Sequential ethanol fermentation and anaerobic digestion increases bioenergy yields from duckweed

O. Calicioglu, Rachel Alice Brennan

Research output: Contribution to journalArticle

8 Citations (Scopus)

Abstract

The potential for improving bioenergy yields from duckweed, a fast-growing, simple, floating aquatic plant, was evaluated by subjecting the dried biomass directly to anaerobic digestion, or sequentially to ethanol fermentation and then anaerobic digestion, after evaporating ethanol from the fermentation broth. Bioethanol yields of 0.41 ± 0.03 g/g and 0.50 ± 0.01 g/g (glucose) were achieved for duckweed harvested from the Penn State Living-Filter (Lemna obscura) and Eco-Machine™ (Lemna minor/japonica and Wolffia columbiana), respectively. The highest biomethane yield, 390 ± 0.1 ml CH4/g volatile solids added, was achieved in a reactor containing fermented duckweed from the Living-Filter at a substrate-to-inoculum (S/I) ratio (i.e., duckweed to microorganism ratio) of 1.0. This value was 51.2% higher than the biomethane yield of a replicate reactor with raw (non-fermented) duckweed. The combined bioethanol-biomethane process yielded 70.4% more bioenergy from duckweed, than if anaerobic digestion had been run alone.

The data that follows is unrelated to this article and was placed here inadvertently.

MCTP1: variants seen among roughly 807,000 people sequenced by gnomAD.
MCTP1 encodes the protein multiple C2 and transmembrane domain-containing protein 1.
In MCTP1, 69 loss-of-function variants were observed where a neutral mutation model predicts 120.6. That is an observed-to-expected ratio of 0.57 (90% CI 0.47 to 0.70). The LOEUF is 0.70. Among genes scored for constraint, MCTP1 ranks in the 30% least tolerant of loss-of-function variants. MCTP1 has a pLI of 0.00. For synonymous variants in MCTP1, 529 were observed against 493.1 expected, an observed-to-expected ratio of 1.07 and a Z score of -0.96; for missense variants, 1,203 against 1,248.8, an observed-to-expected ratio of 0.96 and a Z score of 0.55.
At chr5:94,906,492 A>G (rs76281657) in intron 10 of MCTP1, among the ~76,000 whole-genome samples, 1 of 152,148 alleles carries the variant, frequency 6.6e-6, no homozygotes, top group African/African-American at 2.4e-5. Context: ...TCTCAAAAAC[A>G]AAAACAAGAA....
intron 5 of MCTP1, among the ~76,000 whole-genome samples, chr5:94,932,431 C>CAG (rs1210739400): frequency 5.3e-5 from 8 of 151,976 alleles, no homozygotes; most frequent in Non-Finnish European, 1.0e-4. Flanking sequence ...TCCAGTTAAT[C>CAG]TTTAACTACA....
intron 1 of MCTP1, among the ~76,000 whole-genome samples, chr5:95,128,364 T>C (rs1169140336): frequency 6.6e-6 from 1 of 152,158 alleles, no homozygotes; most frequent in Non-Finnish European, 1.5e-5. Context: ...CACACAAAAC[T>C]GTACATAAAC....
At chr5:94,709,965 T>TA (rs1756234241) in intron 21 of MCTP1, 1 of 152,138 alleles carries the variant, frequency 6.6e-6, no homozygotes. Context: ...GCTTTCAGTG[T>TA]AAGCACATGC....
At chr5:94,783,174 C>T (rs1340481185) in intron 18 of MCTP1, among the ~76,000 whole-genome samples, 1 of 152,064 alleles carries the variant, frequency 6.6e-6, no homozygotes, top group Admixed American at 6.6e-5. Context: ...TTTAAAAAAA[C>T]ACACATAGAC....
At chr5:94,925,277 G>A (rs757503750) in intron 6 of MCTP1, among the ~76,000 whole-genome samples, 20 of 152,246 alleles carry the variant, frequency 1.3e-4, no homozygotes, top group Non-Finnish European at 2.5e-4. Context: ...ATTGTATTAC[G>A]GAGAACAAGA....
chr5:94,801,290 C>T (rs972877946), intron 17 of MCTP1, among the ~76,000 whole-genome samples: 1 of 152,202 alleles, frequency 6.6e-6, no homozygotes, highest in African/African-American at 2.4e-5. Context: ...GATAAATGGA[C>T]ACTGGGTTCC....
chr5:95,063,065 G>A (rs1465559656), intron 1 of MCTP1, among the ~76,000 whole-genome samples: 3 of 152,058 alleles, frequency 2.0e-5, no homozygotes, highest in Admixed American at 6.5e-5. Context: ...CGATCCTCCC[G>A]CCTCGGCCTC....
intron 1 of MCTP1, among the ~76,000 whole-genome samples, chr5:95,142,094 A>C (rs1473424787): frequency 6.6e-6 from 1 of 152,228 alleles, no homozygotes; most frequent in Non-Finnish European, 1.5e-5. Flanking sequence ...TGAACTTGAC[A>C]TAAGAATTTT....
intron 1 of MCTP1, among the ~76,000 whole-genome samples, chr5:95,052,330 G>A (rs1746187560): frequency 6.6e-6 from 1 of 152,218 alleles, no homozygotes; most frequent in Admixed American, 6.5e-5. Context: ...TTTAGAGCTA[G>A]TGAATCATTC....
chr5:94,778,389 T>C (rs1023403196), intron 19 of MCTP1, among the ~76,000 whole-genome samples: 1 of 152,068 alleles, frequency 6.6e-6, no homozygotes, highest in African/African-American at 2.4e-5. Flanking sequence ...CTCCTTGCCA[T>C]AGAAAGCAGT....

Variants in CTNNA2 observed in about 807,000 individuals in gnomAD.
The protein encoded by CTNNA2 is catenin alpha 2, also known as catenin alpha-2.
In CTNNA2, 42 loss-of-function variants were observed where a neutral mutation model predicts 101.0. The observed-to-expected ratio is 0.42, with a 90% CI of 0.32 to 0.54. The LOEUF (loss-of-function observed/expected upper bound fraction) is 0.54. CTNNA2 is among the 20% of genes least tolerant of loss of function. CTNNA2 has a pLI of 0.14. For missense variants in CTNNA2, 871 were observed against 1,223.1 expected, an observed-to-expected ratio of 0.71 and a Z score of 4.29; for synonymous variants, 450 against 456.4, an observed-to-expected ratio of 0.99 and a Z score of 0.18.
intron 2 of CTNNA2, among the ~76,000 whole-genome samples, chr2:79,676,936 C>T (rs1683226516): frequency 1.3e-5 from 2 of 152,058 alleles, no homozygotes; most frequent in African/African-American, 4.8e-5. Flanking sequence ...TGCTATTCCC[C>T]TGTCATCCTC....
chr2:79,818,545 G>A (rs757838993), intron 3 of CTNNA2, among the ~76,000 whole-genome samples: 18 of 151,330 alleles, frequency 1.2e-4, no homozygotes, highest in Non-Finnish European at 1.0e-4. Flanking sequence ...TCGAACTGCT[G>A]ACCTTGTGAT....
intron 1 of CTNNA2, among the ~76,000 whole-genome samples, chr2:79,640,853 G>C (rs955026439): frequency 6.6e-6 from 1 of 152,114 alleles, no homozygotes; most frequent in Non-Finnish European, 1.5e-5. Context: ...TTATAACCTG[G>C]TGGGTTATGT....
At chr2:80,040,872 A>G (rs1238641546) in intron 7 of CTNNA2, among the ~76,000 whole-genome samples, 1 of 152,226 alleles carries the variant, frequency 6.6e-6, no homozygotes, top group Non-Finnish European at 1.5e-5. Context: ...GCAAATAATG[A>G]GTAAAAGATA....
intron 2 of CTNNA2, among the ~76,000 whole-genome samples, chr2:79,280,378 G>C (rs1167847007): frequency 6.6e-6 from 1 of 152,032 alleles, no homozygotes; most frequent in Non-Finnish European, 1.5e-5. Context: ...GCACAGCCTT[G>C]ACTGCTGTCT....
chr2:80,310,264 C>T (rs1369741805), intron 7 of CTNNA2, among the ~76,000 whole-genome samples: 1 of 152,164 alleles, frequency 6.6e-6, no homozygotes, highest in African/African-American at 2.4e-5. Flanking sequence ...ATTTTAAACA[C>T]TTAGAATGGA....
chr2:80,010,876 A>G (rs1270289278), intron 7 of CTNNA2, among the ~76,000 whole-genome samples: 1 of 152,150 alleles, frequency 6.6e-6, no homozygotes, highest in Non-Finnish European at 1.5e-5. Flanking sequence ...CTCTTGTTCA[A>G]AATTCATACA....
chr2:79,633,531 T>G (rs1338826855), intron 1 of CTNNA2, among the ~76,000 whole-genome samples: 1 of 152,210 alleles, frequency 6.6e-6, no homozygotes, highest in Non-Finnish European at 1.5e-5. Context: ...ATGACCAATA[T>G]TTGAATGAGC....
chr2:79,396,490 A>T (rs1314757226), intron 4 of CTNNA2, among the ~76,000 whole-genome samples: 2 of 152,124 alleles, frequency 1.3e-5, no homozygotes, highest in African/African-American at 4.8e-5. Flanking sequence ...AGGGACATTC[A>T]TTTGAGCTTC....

Original languageEnglish (US)
Pages (from-to)344-348
Number of pages5
JournalBioresource technology
Volume257
DOIs
StatePublished - Jun 1 2018

Fingerprint

Anaerobic digestion
bioenergy
Fermentation
fermentation
ethanol
Bioethanol
Ethanol
filter
aquatic plant
Microorganisms
Glucose
glucose
Biomass
microorganism
substrate
biomass
Substrates
anaerobic digestion
reactor

All Science Journal Classification (ASJC) codes

  • Bioengineering
  • Environmental Engineering
  • Renewable Energy, Sustainability and the Environment
  • Waste Management and Disposal

Cite this

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abstract = "The potential for improving bioenergy yields from duckweed, a fast-growing, simple, floating aquatic plant, was evaluated by subjecting the dried biomass directly to anaerobic digestion, or sequentially to ethanol fermentation and then anaerobic digestion, after evaporating ethanol from the fermentation broth. Bioethanol yields of 0.41 ± 0.03 g/g and 0.50 ± 0.01 g/g (glucose) were achieved for duckweed harvested from the Penn State Living-Filter (Lemna obscura) and Eco-Machine™ (Lemna minor/japonica and Wolffia columbiana), respectively. The highest biomethane yield, 390 ± 0.1 ml CH4/g volatile solids added, was achieved in a reactor containing fermented duckweed from the Living-Filter at a substrate-to-inoculum (S/I) ratio (i.e., duckweed to microorganism ratio) of 1.0. This value was 51.2{\%} higher than the biomethane yield of a replicate reactor with raw (non-fermented) duckweed. The combined bioethanol-biomethane process yielded 70.4{\%} more bioenergy from duckweed, than if anaerobic digestion had been run alone.",
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Sequential ethanol fermentation and anaerobic digestion increases bioenergy yields from duckweed. / Calicioglu, O.; Brennan, Rachel Alice.

In: Bioresource technology, Vol. 257, 01.06.2018, p. 344-348.

Research output: Contribution to journalArticle

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